I’ll Come Back When You’re Over It by Vicki Hinze

Vicki Hinze, over it, Christians Read


A few years ago, I went through an experience that resulted in me re-evaluating my life and what I was doing with it. It wasn’t a fun process, but it was a worthy one.


I culled things and, frankly, some people from my life. Those who sought to build themselves up by tearing me down. Those who looked me in the face and lied to me. Those who deceived me and betrayed me and felt no remorse for doing so—even felt justified in doing so.


It wasn’t easy. It was difficult, but it was necessary. With the gift of hindsight, I see how much joy and balance these people were draining from my life. It wasn’t their fault, by the way. They didn’t take a thing that I didn’t give them. I recognized it and stopped giving, and I am a better person for it.


One of the most difficult things I changed was what I was writing. I’ve always had a writing rule not to write a book I didn’t love. I’ve always written books with suspense, romance and mystery in them—in just about every genre except horror. I love thrillers. I love suspense, mystery and romance. And if I put all those elements in a book, then I’m a really happy writer.


The other thing I did that many didn’t realize was include a spiritual element in my books. I’ve always been a spiritual person, and after this experience, I wanted to bring that element out of the background—the motivating factors for characters’ actions—and into the foreground. And so I did in the Crossroads Crisis Center series.


It was a scary move. I had a strong career going in the general market and frankly I wasn’t sure how I’d be received in the inspirational market. I did the Crossroads three books and then three more in the Lost-Inc. series. They all did okay. Reviewers and Readers were for the most part positive. But there were some who were not happy with reading more about the spiritual element.


I received one note that sticks with me. In it, the reader had a bit to say about this “change” and that she loved my writing and when I got over this phase, she’d be back.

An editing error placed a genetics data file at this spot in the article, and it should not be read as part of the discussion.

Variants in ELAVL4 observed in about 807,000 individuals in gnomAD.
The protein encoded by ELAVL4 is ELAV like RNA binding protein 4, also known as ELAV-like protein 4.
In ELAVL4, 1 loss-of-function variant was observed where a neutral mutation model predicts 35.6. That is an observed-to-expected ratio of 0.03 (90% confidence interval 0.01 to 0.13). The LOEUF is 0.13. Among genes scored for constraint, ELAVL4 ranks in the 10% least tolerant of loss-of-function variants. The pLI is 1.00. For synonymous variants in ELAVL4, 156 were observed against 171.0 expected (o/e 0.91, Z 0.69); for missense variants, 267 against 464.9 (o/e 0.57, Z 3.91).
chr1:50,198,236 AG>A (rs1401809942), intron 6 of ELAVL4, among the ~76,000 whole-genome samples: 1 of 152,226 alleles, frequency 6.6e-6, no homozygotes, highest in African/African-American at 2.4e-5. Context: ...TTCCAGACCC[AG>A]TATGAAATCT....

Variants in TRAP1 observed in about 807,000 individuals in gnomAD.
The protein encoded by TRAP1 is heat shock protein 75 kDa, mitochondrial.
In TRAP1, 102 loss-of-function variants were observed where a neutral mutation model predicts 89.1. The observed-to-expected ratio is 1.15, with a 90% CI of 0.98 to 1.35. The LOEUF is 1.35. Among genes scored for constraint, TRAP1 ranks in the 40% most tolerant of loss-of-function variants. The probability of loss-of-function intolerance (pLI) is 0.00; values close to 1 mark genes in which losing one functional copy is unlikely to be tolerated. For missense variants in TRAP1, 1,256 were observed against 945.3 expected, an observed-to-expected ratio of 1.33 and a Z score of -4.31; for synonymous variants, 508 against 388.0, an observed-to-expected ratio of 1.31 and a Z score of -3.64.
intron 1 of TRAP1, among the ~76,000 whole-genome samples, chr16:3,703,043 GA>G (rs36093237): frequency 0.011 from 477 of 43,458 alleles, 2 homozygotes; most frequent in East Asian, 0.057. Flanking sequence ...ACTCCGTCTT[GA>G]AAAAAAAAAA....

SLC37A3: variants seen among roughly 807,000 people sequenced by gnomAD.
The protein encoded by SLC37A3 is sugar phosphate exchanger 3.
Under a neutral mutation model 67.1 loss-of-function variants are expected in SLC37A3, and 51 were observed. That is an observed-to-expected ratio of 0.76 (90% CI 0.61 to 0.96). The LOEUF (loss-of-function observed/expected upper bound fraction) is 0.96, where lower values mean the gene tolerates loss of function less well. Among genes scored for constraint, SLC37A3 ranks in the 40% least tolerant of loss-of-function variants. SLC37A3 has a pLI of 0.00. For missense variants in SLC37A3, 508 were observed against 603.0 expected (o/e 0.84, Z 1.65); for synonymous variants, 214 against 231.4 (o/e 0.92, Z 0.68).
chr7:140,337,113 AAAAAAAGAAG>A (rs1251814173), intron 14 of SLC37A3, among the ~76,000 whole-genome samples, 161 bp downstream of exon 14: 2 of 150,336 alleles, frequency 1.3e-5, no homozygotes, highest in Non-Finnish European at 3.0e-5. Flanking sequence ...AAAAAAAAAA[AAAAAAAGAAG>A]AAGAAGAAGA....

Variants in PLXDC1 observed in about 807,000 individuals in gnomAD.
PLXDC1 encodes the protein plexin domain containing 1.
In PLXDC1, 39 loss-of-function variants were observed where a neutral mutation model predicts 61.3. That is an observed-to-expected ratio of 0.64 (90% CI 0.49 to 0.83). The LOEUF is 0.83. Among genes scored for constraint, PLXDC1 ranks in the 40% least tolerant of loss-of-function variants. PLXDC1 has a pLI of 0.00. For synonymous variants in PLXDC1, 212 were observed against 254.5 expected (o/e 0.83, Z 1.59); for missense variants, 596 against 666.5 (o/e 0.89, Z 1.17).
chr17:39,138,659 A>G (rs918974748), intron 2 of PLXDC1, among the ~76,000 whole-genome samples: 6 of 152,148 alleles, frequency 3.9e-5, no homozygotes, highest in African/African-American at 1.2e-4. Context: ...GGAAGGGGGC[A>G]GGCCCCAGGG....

That letter sort of encapsulated the whole of the responses. Some liked it, some didn’t, some saw very little difference from what I’d been writing, and some absolutely, positively hated it.


This created challenges but also blessings. I had to evaluate my reaction and my resolve. It was, simply put, a test. What I discovered during the process was that I am—and really always have been—a bridge walker.

Most haven’t heard that term and there’s a reason for that. I kind of created it to describe what kind of writer and person I choose to be.


At one end of the bridge is the secular or general market. At the other end is the inspirational market. In the middle is where I am. Not fully accepted on either end, but doing what I’m called to do, walking the bridge.


At first, this troubled me. I felt alone. But in the years since that experience, I’ve discovered that most of us are on that bridge. We have faith, we believe, and we do our best to walk in faith. But we live in a secular world, and many in that secular world are lost and wounded and seeking something. They gravitate to us because we’re not “over the top” or so far removed from them in their lives that they feel getting to a spiritual place is impossible for them. They fear they’re so far removed from the spiritual that they’ll be judged and found lacking.


Some believe that people of faith are all about being judgmental and harsh and their own experiences have left them feeling they’ll never measure up or being accepted much less find their place. With very few exceptions, that’s not been my experience, but many have experienced it.


I see now, these folks too are on the bridge. They seek more, want more, need more from and in their spiritual lives than they have now, but they can’t seem to find a place where they belong and feel valued.